Posted in Kafevend Blog
It's time for a tisane- woah there, calm yourselves. I can see you're getting exited. Why not take a breather before you proceed to read about the magnificence that is honeybush tea. I feel duty bound to point out that honey does not figure in any way in this particular tea- the honeybush is named as such for its fragrance which is similar to honey. Whilst I have not had the pleasure of tasting honeybush tea, I have it on good authority that it tastes similar to rooibos tea, though slightly sweeter. Having not tasted rooibos tea either, I must admit to lacking an initial frame of reference.
Like rooibos tea, honeybush tea is found in South Africa. Of around twemty four species of honeybush found there, five are predominantly used for its production. Interestingly, some of the species have proved resistant to cultivation and as such must be harvested in the wild. There are two methods for processing the plant; both feature an oxidation stage, with one relying on the sun and the other, more modern method using heated tanks. The traditional method also cuts and bruises the leaves before the oxidation.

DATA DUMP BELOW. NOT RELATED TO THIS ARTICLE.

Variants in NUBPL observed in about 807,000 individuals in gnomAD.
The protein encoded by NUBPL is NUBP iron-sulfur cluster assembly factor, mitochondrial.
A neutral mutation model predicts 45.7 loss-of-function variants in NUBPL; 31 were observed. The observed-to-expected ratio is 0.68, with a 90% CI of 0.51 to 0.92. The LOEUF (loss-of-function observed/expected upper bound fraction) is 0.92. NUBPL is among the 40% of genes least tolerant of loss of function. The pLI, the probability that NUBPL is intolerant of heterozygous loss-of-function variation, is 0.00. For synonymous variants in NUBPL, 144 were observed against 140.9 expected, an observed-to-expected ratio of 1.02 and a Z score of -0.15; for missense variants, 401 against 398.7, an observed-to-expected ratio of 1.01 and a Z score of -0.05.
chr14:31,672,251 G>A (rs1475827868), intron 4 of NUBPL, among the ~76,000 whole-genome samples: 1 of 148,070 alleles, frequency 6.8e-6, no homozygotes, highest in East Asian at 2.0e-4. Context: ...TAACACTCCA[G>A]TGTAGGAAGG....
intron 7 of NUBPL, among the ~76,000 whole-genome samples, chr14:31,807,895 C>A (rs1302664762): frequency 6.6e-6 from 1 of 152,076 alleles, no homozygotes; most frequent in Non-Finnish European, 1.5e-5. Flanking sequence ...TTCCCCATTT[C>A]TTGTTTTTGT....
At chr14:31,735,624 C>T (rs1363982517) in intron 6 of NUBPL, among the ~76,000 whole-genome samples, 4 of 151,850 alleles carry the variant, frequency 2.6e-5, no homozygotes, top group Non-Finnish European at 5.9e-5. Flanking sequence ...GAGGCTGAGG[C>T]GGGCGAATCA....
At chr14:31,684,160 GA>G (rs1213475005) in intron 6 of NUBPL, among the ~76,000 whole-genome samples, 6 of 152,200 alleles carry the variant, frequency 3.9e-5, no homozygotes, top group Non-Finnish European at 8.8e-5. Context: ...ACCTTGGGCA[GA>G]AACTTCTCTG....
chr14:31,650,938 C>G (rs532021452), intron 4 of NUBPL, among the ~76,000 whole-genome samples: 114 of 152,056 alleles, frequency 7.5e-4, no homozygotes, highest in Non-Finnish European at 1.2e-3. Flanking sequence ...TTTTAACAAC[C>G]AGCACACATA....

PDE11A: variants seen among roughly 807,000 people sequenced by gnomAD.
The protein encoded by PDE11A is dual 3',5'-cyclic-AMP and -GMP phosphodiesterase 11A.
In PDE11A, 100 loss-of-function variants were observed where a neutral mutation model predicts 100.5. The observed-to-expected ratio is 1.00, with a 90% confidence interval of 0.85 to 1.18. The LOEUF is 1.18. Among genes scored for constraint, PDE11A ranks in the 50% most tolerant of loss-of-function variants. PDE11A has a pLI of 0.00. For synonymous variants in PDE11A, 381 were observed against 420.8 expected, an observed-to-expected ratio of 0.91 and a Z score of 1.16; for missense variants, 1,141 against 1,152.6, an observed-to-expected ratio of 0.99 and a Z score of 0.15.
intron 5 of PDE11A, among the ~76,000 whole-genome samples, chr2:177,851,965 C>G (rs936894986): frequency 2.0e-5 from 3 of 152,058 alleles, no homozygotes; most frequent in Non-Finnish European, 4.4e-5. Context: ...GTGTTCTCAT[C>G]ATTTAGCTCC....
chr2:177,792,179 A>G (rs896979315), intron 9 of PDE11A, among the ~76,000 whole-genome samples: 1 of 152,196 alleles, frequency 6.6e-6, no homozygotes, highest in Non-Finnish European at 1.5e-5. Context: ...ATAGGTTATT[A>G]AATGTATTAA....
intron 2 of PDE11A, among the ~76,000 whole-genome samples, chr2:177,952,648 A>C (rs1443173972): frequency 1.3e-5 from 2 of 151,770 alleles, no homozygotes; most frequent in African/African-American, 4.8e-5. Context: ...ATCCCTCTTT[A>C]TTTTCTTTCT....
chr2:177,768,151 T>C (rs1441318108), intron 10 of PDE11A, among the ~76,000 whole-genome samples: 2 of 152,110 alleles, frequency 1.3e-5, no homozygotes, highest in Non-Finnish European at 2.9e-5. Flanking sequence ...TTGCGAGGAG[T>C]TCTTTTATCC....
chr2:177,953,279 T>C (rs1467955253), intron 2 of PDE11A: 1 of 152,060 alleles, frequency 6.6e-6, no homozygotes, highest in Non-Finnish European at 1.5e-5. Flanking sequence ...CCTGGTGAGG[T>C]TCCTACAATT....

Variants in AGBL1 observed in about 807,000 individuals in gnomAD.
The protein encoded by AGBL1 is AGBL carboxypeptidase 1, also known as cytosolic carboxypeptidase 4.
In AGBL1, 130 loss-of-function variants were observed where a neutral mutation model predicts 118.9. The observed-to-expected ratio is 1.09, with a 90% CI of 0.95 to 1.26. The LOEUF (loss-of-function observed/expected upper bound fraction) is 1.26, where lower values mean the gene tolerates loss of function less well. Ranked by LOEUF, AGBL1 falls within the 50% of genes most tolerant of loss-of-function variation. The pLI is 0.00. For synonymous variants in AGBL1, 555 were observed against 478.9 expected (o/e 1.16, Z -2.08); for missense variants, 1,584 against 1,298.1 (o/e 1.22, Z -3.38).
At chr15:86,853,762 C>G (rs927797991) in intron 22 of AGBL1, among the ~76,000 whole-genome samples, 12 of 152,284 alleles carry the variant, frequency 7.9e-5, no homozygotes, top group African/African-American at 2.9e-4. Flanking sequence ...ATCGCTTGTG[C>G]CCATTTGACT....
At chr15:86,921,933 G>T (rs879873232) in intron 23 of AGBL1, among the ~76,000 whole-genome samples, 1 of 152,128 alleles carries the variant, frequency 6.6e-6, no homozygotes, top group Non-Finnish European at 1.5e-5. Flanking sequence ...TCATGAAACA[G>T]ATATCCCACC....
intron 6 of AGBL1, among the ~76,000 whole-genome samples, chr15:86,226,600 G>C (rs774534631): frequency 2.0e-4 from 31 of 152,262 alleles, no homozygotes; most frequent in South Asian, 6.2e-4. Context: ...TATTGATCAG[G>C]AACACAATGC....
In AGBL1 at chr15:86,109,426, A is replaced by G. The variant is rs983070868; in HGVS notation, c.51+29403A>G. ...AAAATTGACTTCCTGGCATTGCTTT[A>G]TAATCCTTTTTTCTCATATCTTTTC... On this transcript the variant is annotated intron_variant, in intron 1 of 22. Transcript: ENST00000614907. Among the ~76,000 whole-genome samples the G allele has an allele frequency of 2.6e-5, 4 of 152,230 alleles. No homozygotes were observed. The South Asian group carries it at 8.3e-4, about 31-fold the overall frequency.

Honeybush possesses a number of chemical compounds that have received varying amounts of scientific study into their potential health properties. Compounds like flavones, isoflavones and mangiferin present in honeybush have potential cancer fighting abilities, so the old Chinese proverb, "Drinking a daily cup of tea will surely starve the apothecary", could well be the case with honeybush tea.